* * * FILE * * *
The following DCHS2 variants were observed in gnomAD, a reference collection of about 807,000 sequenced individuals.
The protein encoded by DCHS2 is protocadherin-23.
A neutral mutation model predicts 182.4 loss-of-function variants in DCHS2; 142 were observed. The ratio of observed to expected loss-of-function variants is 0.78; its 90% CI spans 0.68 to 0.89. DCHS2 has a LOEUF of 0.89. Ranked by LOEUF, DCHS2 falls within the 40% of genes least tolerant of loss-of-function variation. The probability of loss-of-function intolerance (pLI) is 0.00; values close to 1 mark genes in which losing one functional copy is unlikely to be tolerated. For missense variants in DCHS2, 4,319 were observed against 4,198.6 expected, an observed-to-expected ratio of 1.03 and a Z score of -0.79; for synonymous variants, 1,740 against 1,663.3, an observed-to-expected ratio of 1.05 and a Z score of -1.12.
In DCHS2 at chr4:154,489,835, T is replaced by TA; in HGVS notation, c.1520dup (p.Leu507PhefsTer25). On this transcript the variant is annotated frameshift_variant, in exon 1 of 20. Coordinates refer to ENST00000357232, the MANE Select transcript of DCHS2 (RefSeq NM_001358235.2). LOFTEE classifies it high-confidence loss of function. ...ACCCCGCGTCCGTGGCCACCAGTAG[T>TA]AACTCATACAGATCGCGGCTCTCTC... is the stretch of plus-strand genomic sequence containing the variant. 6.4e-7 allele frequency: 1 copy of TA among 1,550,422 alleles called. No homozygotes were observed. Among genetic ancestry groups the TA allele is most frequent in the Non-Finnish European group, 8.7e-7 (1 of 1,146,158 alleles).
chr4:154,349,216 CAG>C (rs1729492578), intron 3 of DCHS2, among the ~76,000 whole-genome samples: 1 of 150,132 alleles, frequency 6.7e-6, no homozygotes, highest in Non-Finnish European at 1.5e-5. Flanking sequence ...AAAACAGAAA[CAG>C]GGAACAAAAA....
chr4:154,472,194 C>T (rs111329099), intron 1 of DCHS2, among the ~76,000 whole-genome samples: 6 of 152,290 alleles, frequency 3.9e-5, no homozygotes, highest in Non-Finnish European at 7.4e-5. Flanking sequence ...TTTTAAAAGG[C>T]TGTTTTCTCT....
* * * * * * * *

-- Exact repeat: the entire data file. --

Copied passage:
The following DCHS2 variants were observed in gnomAD, a reference collection of about 807,000 sequenced individuals.
The protein encoded by DCHS2 is protocadherin-23.
A neutral mutation model predicts 182.4 loss-of-function variants in DCHS2; 142 were observed. The ratio of observed to expected loss-of-function variants is 0.78; its 90% CI spans 0.68 to 0.89. DCHS2 has a LOEUF of 0.89. Ranked by LOEUF, DCHS2 falls within the 40% of genes least tolerant of loss-of-function variation. The probability of loss-of-function intolerance (pLI) is 0.00; values close to 1 mark genes in which losing one functional copy is unlikely to be tolerated. For missense variants in DCHS2, 4,319 were observed against 4,198.6 expected, an observed-to-expected ratio of 1.03 and a Z score of -0.79; for synonymous variants, 1,740 against 1,663.3, an observed-to-expected ratio of 1.05 and a Z score of -1.12.
In DCHS2 at chr4:154,489,835, T is replaced by TA; in HGVS notation, c.1520dup (p.Leu507PhefsTer25). On this transcript the variant is annotated frameshift_variant, in exon 1 of 20. Coordinates refer to ENST00000357232, the MANE Select transcript of DCHS2 (RefSeq NM_001358235.2). LOFTEE classifies it high-confidence loss of function. ...ACCCCGCGTCCGTGGCCACCAGTAG[T>TA]AACTCATACAGATCGCGGCTCTCTC... is the stretch of plus-strand genomic sequence containing the variant. 6.4e-7 allele frequency: 1 copy of TA among 1,550,422 alleles called. No homozygotes were observed. Among genetic ancestry groups the TA allele is most frequent in the Non-Finnish European group, 8.7e-7 (1 of 1,146,158 alleles).
chr4:154,349,216 CAG>C (rs1729492578), intron 3 of DCHS2, among the ~76,000 whole-genome samples: 1 of 150,132 alleles, frequency 6.7e-6, no homozygotes, highest in Non-Finnish European at 1.5e-5. Flanking sequence ...AAAACAGAAA[CAG>C]GGAACAAAAA....
chr4:154,472,194 C>T (rs111329099), intron 1 of DCHS2, among the ~76,000 whole-genome samples: 6 of 152,290 alleles, frequency 3.9e-5, no homozygotes, highest in Non-Finnish European at 7.4e-5. Flanking sequence ...TTTTAAAAGG[C>T]TGTTTTCTCT....